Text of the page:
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Bellringer : . Turn in your complete final draft of Writing Assessment One to the basket WITH the rubric and rough draft attached. No rubric will result in point deduction! . Romeo and Juliet. William Shakespeare . Essential Question.

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bellringer
Bellringer:
  • Turn in your complete final draft of Writing Assessment One to the basket WITH the rubric and rough draft attached.
  • No rubric will result in point deduction!
romeo and juliet

Romeo and Juliet

William Shakespeare

essential question
Essential Question

How have Shakespeare’s writings helped to develop the English Language?

william shakespeare
William Shakespeare
  • Widely regarded as the greatest writer in English Literature
  • Actor for Lord Chamberlain’s Men (London theater co.)
  • Also > principal playwright for them
  • 1599> Lord Ch. Co. built Globe Theater where most of Shakespeare’s play’s were performed.
  • He wrote Comedies, Histories and Tragedies.
theatre
Theatre
  • Plays produced for the general public
  • Roofless>open air
  • No artificial lighting
  • Courtyard surrounded by 3 levels of galleries
spectators
Spectators
  • Wealthy got benches.
  • “Groundlings”>poorer people stood and watched from the courtyard (“pit”)
  • All but wealthy were uneducated/illiterate
  • Much more interaction than today.
differences
Differences
  • No scenery
  • Settings > references in dialogue
  • Elaborate costumes
  • Plenty of props
  • Fast-paced, colorful>2 hours!
actors
Actors
  • Only men and boys
  • Young boys whose voices had not changed play women’s roles
  • Would have been considered indecent for a woman to appear on stage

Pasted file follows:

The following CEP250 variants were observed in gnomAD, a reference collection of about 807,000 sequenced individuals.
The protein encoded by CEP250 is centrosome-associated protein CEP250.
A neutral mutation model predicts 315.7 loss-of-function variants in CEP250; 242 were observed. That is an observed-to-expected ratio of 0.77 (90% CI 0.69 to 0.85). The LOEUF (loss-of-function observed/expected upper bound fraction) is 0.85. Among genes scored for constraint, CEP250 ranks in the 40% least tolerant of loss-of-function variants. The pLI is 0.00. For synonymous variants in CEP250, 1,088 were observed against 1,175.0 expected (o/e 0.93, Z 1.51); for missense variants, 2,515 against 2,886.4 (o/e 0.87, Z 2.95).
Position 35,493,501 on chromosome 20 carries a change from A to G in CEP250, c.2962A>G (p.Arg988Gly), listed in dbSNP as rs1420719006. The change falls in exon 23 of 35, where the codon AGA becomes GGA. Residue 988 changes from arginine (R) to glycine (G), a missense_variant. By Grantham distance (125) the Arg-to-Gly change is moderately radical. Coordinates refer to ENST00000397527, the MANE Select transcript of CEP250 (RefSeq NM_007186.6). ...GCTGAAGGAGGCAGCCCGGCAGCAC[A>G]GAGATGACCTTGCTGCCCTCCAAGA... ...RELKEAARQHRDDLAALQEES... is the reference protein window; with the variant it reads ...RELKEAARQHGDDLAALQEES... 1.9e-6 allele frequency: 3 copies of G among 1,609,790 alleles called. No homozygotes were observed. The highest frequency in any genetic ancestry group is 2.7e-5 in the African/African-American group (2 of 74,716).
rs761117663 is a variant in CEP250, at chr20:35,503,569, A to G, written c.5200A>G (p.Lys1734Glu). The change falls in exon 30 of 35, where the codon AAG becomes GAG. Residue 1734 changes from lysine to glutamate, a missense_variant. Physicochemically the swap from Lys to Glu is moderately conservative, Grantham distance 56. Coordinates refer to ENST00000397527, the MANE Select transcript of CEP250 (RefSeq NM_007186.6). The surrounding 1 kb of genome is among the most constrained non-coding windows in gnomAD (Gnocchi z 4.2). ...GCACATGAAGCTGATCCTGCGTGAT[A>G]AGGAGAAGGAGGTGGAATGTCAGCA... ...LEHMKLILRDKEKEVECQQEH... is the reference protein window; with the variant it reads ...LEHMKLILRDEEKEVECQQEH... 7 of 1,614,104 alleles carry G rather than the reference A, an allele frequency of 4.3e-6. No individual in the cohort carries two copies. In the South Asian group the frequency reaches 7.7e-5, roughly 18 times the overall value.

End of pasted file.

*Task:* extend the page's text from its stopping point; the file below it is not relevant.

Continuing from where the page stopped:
romeo and juliet is a tragedy
Romeo and Juliet is a Tragedy

Tragedy- In literature, the concept of tragedy refer to a series of unfortunate events by which one or more of the literary characters in the story undergo several misfortunes, which finally culminate into a disaster of ‘epic proportions’. Tragedy is generally built up in 5 stages: a) happy times b) the introduction of a problem c) the problem worsens to a crisis/ dilemma d) the characters are unable to prevent the problem from taking over e) the problem results in some catastrophic, grave ending, which is the tragedy culminated.

review of literary devices
Review of Literary Devices
  • Simile
  • Metaphor
  • Imagery
  • Personification
  • Diction
  • Tone/Mood
  • Juxtaposition
  • Theme
  • Symbolism
  • Allusion
characterization
Characterization
  • Characterization is the process by which the writer reveals the personality of a character.
  • Characterization is revealed through direct characterization and indirect characterization.
direct characterization
Direct Characterization
  • Direct Characterization tells the audience what the personality of the character is.